Although Virtual SAN shares many characteristics with traditional storage arrays, the overall behavior and function of Virtual SAN is different. For example, Virtual SAN can manage and work only with ESXi hosts and a single Virtual SAN instance can support only one cluster.

Virtual SAN and traditional storage also differ in the following key ways:
  • Virtual SAN does not require external networked storage for storing virtual machine files remotely, such as on a Fibre Channel (FC) or Storage Area Network (SAN).
  • Using traditional storage, the storage administrator preallocates storage space on different storage systems. Virtual SAN automatically turns the local physical storage resources of the ESXi hosts into a single pool of storage. These pools can be divided and assigned to virtual machines and applications according to their quality of service requirements.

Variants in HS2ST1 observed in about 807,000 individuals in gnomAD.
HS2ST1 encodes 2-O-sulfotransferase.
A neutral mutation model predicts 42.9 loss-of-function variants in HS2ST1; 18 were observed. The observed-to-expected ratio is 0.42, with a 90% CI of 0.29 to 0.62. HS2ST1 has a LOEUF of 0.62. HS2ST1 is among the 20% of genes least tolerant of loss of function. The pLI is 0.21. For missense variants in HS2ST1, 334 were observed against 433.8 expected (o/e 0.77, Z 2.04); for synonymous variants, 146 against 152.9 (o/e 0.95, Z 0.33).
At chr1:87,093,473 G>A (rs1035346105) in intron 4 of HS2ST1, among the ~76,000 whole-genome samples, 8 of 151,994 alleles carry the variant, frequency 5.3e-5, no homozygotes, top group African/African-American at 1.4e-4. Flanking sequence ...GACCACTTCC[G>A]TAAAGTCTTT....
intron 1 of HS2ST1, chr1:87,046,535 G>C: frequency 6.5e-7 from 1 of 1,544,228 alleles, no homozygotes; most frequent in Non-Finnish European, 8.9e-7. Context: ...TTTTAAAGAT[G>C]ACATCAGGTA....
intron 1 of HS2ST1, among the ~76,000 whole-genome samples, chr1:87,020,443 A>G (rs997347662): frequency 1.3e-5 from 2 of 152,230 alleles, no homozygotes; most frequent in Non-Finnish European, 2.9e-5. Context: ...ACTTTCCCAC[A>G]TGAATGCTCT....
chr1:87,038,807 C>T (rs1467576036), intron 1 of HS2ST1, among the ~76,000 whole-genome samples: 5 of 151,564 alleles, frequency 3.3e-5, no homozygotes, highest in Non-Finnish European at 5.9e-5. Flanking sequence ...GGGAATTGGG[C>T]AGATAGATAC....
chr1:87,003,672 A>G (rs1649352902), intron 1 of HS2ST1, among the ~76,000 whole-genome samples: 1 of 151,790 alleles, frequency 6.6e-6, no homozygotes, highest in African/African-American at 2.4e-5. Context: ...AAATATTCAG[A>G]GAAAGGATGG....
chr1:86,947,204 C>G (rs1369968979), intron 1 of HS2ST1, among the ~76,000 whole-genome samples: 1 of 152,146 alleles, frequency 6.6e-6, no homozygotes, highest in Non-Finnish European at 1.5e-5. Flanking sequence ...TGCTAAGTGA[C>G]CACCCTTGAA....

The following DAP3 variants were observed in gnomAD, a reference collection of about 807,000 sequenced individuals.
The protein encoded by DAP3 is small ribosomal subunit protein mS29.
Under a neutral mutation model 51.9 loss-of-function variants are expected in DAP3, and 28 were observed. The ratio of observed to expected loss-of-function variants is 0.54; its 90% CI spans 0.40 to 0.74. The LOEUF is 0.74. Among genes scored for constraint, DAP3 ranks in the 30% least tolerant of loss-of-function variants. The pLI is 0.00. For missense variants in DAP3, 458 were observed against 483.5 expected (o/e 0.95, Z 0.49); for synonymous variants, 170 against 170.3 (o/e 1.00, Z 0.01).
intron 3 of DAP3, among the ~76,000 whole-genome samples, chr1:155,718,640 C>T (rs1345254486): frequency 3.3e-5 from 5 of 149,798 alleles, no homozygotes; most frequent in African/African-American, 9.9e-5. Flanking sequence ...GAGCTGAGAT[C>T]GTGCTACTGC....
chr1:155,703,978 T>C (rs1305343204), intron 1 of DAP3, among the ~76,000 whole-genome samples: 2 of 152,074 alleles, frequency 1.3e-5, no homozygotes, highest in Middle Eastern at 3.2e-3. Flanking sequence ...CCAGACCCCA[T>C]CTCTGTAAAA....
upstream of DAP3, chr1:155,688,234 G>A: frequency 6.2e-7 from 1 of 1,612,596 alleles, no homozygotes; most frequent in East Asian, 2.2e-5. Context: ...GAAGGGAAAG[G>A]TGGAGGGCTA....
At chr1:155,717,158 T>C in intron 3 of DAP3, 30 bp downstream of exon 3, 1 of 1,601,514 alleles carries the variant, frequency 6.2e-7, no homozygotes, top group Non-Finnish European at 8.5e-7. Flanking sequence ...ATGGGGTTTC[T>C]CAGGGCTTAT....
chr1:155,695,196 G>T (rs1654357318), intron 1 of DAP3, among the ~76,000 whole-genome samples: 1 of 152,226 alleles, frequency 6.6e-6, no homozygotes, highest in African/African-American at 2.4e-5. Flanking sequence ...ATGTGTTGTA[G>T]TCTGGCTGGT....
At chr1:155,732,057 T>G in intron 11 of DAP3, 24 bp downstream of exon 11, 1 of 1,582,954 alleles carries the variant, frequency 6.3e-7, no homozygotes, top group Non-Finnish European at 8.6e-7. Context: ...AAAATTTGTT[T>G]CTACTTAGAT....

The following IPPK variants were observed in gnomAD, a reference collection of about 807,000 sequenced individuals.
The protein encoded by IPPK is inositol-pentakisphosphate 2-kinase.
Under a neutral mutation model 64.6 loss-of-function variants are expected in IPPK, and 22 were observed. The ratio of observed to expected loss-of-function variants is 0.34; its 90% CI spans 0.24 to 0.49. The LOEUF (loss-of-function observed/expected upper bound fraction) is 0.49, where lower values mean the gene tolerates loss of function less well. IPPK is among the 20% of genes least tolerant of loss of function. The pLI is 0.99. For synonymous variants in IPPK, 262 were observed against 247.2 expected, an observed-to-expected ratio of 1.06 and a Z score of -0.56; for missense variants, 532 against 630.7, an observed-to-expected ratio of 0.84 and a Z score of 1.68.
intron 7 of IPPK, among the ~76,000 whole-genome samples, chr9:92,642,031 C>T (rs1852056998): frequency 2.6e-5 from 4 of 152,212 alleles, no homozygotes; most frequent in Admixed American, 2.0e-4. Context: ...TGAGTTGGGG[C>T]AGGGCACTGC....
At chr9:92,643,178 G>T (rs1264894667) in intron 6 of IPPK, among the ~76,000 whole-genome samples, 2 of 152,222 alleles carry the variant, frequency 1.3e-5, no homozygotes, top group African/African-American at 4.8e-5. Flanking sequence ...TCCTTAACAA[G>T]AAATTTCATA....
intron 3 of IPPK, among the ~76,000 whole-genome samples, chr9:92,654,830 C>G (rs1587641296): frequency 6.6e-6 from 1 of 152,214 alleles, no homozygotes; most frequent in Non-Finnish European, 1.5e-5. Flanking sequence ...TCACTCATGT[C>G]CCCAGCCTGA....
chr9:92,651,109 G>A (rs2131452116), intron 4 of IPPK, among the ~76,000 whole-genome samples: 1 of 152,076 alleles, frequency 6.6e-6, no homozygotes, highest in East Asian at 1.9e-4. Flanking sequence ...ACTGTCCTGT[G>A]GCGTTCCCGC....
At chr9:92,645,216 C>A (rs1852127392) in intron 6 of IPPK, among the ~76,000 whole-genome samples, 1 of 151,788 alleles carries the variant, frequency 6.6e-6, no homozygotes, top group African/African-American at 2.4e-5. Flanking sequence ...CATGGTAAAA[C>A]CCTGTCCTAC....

• Virtual SAN has no concept of traditional storage volumes based on LUNs or NFS shares, although the iSCSI target service uses LUNs to enable an initiator on a remote host to transport block-level data to a storage device in the Virtual SAN cluster.
  • Some standard storage protocols, such as FCP, do not apply to Virtual SAN.
  • Virtual SAN is highly integrated with vSphere. You do not need dedicated plug-ins or a storage console for Virtual SAN, compared to traditional storage. You can deploy, manage, and monitor Virtual SAN by using the vSphere Web Client.
  • A dedicated storage administrator does not need to manage Virtual SAN. Instead a vSphere administrator can manage a Virtual SAN environment.
  • With Virtual SAN usage, VM storage policies are automatically assigned when you deploy new VMs. The storage policies can be changed dynamically as needed.